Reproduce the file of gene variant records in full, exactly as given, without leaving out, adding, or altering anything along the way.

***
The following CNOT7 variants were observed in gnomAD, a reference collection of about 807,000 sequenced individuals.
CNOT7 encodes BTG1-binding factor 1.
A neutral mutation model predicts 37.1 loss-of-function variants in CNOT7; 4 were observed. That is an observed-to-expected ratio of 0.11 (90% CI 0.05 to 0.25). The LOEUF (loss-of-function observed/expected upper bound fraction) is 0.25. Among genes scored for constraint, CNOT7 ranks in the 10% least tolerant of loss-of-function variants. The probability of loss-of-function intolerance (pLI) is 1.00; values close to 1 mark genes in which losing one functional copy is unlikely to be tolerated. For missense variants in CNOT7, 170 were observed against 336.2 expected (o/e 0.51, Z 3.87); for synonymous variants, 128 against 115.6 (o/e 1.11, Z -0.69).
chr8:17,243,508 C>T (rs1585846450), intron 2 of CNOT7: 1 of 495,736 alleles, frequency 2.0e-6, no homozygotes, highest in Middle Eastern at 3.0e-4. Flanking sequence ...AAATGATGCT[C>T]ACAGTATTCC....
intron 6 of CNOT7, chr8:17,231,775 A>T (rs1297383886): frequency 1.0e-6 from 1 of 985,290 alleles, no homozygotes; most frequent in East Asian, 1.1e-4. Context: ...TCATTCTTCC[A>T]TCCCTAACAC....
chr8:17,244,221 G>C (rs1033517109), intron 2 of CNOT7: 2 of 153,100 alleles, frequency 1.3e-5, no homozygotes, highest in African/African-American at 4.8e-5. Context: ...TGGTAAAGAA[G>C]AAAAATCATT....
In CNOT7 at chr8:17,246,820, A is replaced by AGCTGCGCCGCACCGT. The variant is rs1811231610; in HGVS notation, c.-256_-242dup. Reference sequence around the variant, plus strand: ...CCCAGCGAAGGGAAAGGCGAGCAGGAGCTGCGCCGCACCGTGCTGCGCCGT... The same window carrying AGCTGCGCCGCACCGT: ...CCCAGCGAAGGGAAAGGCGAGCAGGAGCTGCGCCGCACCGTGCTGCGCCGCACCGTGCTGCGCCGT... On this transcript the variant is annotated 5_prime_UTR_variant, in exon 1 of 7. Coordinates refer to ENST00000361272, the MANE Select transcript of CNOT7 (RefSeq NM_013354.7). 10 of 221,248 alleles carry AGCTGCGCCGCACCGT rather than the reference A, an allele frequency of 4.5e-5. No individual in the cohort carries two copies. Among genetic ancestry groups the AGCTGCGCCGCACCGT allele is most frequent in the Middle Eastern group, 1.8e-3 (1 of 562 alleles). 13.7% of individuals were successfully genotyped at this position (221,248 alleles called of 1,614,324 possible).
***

The following CNOT7 variants were observed in gnomAD, a reference collection of about 807,000 sequenced individuals.
CNOT7 encodes BTG1-binding factor 1.
A neutral mutation model predicts 37.1 loss-of-function variants in CNOT7; 4 were observed. That is an observed-to-expected ratio of 0.11 (90% CI 0.05 to 0.25). The LOEUF (loss-of-function observed/expected upper bound fraction) is 0.25. Among genes scored for constraint, CNOT7 ranks in the 10% least tolerant of loss-of-function variants. The probability of loss-of-function intolerance (pLI) is 1.00; values close to 1 mark genes in which losing one functional copy is unlikely to be tolerated. For missense variants in CNOT7, 170 were observed against 336.2 expected (o/e 0.51, Z 3.87); for synonymous variants, 128 against 115.6 (o/e 1.11, Z -0.69).
chr8:17,243,508 C>T (rs1585846450), intron 2 of CNOT7: 1 of 495,736 alleles, frequency 2.0e-6, no homozygotes, highest in Middle Eastern at 3.0e-4. Flanking sequence ...AAATGATGCT[C>T]ACAGTATTCC....
intron 6 of CNOT7, chr8:17,231,775 A>T (rs1297383886): frequency 1.0e-6 from 1 of 985,290 alleles, no homozygotes; most frequent in East Asian, 1.1e-4. Context: ...TCATTCTTCC[A>T]TCCCTAACAC....
chr8:17,244,221 G>C (rs1033517109), intron 2 of CNOT7: 2 of 153,100 alleles, frequency 1.3e-5, no homozygotes, highest in African/African-American at 4.8e-5. Context: ...TGGTAAAGAA[G>C]AAAAATCATT....
In CNOT7 at chr8:17,246,820, A is replaced by AGCTGCGCCGCACCGT. The variant is rs1811231610; in HGVS notation, c.-256_-242dup. Reference sequence around the variant, plus strand: ...CCCAGCGAAGGGAAAGGCGAGCAGGAGCTGCGCCGCACCGTGCTGCGCCGT... The same window carrying AGCTGCGCCGCACCGT: ...CCCAGCGAAGGGAAAGGCGAGCAGGAGCTGCGCCGCACCGTGCTGCGCCGCACCGTGCTGCGCCGT... On this transcript the variant is annotated 5_prime_UTR_variant, in exon 1 of 7. Coordinates refer to ENST00000361272, the MANE Select transcript of CNOT7 (RefSeq NM_013354.7). 10 of 221,248 alleles carry AGCTGCGCCGCACCGT rather than the reference A, an allele frequency of 4.5e-5. No individual in the cohort carries two copies. Among genetic ancestry groups the AGCTGCGCCGCACCGT allele is most frequent in the Middle Eastern group, 1.8e-3 (1 of 562 alleles). 13.7% of individuals were successfully genotyped at this position (221,248 alleles called of 1,614,324 possible).